Not sorry, sorry: Super Junior to return with an album later this year
The 12-piece K-pop boyband that launched to fame with their 2009 hit Sorry, Sorry, is planning to stage a comeback later this year.
Super Junior, the 12-piece K-pop boyband that launched to fame with their 2009 hit Sorry, Sorry, is planning to stage a comeback later this year, reported Soompi.
Donghae and Eunhyuk, the two members of the sub-unit Super Junior D&E, revealed the plans during a press conference ahead of their headlining concert The D&E, held at the Olympic Hall in Seoul on Sunday (Apr 14).
“There are plans for a Super Junior album in the second half of the year,” revealed Eunhyuk. "We wanted to greet fans as fast as we can. Also, Kyuhyun is getting discharged from the military soon. (That means) we have to work on Super Junior's album so, in order to fit the schedule, we came out earlier than expected. It was a tight schedule but we filled the album with good songs."
Super Junior member Leeteuk, who was the emcee for the event, added, “We will work hard this year to greet fans in the second half of the year. I hope that many people will show us love.”
Asked if performing is proving exhausting due to their older age, Eunhyuk said, "This year, we're turning 34 (Korean age) and I think we're still okay. But I did wonder, 'Will it be okay to run the concert with such difficult choreography?' Nowadays, I take good care of myself by taking supplements and wearing massage slippers."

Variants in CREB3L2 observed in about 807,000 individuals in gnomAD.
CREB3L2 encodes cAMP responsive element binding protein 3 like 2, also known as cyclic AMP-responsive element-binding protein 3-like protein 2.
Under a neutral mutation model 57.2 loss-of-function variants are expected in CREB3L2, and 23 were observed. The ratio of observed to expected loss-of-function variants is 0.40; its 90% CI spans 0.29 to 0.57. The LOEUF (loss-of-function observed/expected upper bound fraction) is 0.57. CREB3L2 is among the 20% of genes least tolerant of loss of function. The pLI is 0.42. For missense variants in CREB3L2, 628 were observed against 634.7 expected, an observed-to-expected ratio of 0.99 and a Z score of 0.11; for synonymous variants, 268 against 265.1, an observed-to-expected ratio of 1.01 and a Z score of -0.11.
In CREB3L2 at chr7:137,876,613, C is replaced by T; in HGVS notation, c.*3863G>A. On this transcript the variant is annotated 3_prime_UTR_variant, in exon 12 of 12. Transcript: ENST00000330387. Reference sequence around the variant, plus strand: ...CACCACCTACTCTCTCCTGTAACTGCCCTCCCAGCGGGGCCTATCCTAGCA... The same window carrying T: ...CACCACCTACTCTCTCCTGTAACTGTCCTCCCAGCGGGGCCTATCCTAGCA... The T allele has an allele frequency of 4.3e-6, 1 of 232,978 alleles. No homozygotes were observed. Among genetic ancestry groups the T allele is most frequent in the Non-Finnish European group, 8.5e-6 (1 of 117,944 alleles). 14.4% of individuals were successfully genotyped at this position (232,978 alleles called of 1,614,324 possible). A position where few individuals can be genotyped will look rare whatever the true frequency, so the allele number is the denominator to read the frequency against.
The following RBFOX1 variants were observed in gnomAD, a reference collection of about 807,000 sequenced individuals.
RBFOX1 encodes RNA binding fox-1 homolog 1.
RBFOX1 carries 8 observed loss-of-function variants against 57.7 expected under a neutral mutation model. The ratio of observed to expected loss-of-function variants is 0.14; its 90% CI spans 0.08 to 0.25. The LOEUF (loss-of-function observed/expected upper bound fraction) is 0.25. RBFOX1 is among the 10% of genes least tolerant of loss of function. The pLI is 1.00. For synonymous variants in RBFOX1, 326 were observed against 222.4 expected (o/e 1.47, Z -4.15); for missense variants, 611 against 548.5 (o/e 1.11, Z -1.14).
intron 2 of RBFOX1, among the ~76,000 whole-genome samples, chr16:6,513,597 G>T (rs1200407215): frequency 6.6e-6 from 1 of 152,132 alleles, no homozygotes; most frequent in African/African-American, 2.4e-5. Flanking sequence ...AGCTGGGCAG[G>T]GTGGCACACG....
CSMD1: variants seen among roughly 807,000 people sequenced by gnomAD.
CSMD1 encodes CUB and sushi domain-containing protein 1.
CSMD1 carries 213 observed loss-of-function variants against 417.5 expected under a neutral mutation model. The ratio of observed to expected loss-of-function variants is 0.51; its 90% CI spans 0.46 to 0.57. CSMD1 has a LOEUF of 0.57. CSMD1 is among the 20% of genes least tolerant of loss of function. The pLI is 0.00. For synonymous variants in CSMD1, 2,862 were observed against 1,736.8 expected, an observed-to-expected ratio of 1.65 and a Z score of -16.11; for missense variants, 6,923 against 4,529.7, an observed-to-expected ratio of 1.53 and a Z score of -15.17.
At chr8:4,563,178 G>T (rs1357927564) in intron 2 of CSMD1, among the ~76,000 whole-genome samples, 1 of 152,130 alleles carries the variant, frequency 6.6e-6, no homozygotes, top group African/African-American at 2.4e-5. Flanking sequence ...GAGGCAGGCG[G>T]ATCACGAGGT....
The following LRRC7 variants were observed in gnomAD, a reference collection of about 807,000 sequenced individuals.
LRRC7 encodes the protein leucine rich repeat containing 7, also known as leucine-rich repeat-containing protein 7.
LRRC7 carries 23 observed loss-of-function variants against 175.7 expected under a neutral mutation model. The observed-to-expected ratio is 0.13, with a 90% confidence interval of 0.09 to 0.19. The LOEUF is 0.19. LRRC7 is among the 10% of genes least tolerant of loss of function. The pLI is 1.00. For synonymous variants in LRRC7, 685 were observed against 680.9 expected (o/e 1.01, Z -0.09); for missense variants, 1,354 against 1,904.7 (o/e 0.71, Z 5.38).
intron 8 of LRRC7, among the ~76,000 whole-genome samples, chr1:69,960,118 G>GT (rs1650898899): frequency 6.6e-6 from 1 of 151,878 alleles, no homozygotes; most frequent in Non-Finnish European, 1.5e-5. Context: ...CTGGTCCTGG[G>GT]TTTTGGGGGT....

Donghae added, "I'm okay too. I think Super Junior will be fine even when we're 45. It’s not hard."
The group's last release, 2017's Play, saw only six members promoting the album. Vocals belonging to Cho Kyuhyun and Choi Siwon can also be heard on the album, though the former was fulfilling his military service while the latter was embroiled in controversy after his family's French bulldog caused the death of their neighbour.
Since their debut in 2005 and fame in the early 2010s, the group have split into five sub-units, each consisting of members from Super Junior. Each sub-unit targets different music industries and audiences, including trot, the oldest form of South Korean pop music.